It’s another morning where Facebook, Groupon, and Zynga are getting slammed.LinkedIn, alone among the social-media newcomers, is up!
You could also point to LinkedIn’s track record of steady growth. While its growth rate is decelerating as the law of big numbers kicks in, it’s still really high, especially compared to Facebook.
But we think there’s an explanation that’s less driven by numbers and more by psychology.
LinkedIn has several streams of revenue: subscriptions, job listings, and advertising. Dig deeper and you see that all of those revenue streams have their own nuances. For example, LinkedIn gets subscription revenues both from big companies and from individual professionals, and its growing its brand-advertising business that’s targeted at the site’s attractive demographics so it’s less dependent on employment-related ads.
In short, even if you’re bearish on one part of LinkedIn’s business, odds are you’ll find something else you like.
Contrast that to Facebook, which still hasn’t gotten its advertising story quite right and whose payments business is viewed as troublingly dependent on social games makers like Zynga.
Zynga is in the middle of a big turnaround as the excitement in gaming shifts to mobile. We think that there’s actually potential both in Zynga’s multiplatform, Web-and-mobile strategy and the notion of renting out its infrastructure to other social-games makers. But Zynga just hasn’t told that story to investors in a convincing way.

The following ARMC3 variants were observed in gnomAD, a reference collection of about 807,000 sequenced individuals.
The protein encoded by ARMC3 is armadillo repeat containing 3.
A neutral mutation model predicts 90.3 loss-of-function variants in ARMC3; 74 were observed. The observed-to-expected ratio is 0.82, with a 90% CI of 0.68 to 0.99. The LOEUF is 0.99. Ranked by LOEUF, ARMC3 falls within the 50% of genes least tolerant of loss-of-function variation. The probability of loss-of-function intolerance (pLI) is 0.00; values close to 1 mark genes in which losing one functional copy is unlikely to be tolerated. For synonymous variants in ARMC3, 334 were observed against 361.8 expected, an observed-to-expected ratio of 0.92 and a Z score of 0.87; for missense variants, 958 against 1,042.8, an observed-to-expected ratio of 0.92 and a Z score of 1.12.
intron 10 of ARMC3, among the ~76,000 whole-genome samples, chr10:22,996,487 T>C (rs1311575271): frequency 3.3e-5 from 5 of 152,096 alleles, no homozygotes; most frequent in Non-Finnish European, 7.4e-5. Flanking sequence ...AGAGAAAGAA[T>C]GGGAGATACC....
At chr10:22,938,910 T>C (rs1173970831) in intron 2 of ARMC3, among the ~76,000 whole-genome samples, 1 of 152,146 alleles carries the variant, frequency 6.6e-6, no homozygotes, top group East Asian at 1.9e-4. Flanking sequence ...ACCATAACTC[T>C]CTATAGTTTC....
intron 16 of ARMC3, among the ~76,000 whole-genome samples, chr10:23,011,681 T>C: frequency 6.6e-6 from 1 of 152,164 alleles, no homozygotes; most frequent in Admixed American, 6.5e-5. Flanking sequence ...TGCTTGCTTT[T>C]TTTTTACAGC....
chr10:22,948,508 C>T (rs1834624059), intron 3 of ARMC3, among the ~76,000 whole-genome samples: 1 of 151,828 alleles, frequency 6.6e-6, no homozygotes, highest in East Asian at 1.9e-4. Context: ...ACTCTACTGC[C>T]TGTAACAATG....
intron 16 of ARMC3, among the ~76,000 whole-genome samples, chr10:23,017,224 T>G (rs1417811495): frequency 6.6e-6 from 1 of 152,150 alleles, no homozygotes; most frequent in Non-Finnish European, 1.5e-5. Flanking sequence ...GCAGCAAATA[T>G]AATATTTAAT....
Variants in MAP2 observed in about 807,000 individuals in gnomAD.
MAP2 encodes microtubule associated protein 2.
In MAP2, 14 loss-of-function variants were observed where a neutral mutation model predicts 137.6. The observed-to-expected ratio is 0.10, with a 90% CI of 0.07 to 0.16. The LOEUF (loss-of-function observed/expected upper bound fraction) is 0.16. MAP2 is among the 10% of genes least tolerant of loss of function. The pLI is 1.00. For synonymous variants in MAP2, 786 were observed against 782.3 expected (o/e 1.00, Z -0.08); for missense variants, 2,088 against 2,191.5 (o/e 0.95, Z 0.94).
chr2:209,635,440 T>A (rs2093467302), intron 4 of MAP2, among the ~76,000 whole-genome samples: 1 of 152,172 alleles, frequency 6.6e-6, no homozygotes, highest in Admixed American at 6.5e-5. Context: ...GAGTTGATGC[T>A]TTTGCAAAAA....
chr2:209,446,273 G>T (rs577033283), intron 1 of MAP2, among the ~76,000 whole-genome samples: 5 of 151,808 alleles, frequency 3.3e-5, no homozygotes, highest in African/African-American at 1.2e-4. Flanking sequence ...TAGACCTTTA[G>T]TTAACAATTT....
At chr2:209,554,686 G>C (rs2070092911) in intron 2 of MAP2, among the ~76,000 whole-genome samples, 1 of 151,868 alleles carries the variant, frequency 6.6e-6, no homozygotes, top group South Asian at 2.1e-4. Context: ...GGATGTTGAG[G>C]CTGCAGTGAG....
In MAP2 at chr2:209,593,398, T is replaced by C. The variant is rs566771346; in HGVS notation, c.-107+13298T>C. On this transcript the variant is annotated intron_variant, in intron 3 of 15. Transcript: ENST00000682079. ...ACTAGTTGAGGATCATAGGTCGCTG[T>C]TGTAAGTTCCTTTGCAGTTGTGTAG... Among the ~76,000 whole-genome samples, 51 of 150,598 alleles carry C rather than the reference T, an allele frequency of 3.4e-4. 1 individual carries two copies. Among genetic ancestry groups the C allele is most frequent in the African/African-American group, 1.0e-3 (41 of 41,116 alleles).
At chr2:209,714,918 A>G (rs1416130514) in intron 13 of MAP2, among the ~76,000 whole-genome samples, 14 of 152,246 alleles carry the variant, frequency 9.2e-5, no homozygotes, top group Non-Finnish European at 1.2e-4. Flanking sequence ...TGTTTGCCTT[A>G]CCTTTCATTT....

Oh, Groupon. We just don’t know where to start. Again, it could really make something of Groupon Goods and its nascent push into small-business point-of-sale systems and payments. But it is far, far from having anything persuasive there. Right now, Wall Street thinks of it as a daily-deals site, not the small-business operating system provider it wants to become.
Finally, there’s the CEO factor. It matters a lot for investors’ perceptions of companies.
LinkedIn’s Jeff Weiner is loved and respected inside and outside the company. We’ve asked around the Valley and we just haven’t run into anyone who dislikes Jeff. There’s a reason: He’s supersmart, like Mark Pincus, Mark Zuckerberg, and Andrew Mason. But he doesn’t have the rough edges they all share.
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